Author: Claire Topalian
We’re thrilled to work with clients like Impraise who are striving to make workplaces happier and healthier. More about Impraise: While agility and flexibility have long been valued as business strategy, they?re an afterthought when it comes to developing our most valuable asset ? people.…
Measuring PR is one of those age old questions. Many agencies will refuse to try, others will claim they can give you detailed metrics. The truth is, you guessed it: somewhere between those two options. One of the biggest challenges in measuring PR is that media outlets, in part, stay competitive by refusing to provide detailed reports of how your pieces performed. That said, there are secondary indicators you can look at — they aren?t perfect, but they get you started somewhere.
Here?s how we recommend measuring PR impact, and a few benchmarks you can actually rely on when monitoring your outcomes.
Understand why you want PR
Companies pursue PR for a variety of reasons and with specific goals in mind. This is why there is no ?one size fits all? approach to measuring the impact of your PR (and there certainly isn?t just one strategy). These are the top reasons that our clients choose to invest in PR:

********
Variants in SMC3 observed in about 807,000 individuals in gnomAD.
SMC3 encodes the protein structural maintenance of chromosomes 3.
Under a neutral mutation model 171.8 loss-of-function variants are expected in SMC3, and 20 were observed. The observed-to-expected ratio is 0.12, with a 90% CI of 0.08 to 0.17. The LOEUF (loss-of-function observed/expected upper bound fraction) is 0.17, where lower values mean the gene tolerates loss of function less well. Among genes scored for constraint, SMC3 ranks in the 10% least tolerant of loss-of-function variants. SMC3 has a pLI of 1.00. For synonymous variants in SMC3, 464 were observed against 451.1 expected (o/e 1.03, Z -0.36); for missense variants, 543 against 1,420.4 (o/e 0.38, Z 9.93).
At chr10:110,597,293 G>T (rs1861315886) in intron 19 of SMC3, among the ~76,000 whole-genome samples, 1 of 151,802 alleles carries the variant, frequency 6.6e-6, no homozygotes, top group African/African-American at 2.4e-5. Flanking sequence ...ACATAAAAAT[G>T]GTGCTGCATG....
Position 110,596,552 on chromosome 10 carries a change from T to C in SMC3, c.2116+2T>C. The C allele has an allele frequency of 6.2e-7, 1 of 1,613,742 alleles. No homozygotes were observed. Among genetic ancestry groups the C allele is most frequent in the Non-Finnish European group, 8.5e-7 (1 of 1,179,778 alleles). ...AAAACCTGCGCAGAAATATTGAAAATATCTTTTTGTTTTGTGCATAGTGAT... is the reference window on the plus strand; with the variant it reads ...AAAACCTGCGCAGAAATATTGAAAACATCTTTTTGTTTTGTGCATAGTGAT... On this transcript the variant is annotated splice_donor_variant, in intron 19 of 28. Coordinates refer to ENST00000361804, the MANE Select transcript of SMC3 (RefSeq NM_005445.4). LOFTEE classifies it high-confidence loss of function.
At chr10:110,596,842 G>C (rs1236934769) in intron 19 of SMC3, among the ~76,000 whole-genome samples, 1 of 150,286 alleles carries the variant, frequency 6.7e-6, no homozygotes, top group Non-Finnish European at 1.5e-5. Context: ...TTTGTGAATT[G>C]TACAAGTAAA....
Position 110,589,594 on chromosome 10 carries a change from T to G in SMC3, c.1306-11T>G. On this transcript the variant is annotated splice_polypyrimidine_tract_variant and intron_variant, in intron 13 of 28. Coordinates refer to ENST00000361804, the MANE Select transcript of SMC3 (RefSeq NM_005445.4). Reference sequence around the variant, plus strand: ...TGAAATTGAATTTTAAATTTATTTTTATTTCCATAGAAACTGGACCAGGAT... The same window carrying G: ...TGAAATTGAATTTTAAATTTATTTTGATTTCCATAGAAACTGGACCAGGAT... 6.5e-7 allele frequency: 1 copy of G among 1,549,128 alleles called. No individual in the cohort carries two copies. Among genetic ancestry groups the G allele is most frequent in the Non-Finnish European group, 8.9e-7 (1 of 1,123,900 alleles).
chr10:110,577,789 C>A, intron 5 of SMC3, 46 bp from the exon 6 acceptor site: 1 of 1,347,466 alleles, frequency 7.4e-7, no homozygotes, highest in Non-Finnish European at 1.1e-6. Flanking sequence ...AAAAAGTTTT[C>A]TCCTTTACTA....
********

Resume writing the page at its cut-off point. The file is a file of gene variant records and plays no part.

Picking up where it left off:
- Brand awareness & share of voice
- Investment dollars
- Customer acquisition
- Executive leadership publicity
These goals are all different, so of course, each one requires a unique strategy. When our clients tell us that they are looking for user acquisition, for example, we stop pouring all our energy into landing Tier 1 features. Why? Although Tier 1 coverage is always exciting, we know that it doesn?t result in enough new customer conversions for the time spent (in most cases). In these situations, we actually steer clients in other directions — like niche blogs and publications where their ideal customer is spending time.
PR is an investment in your brand and your credibility — business growth outcomes like increased traffic and customer engagement can be supported through PR tactics, but we actually don?t recommend PR as tactic #1 in many of these cases.
The PR Scorecard
Once you?ve established the main motivation behind your PR investment, we recommend creating your own scorecard that captures exactly what you want to see come from your PR investment. As previously mentioned, there are only a few key PR outcomes that you should be focused on. The table below provides some realistic KPIs associated with each category.
|Increase brand awareness||Website traffic, inbound links, media mentions, new website visitors, referral traffic, blog/newsletter subscribers, domain authority.|
|Increase market share||Pre- and post campaign survey of brand awareness, number or leads generated, share of voice.|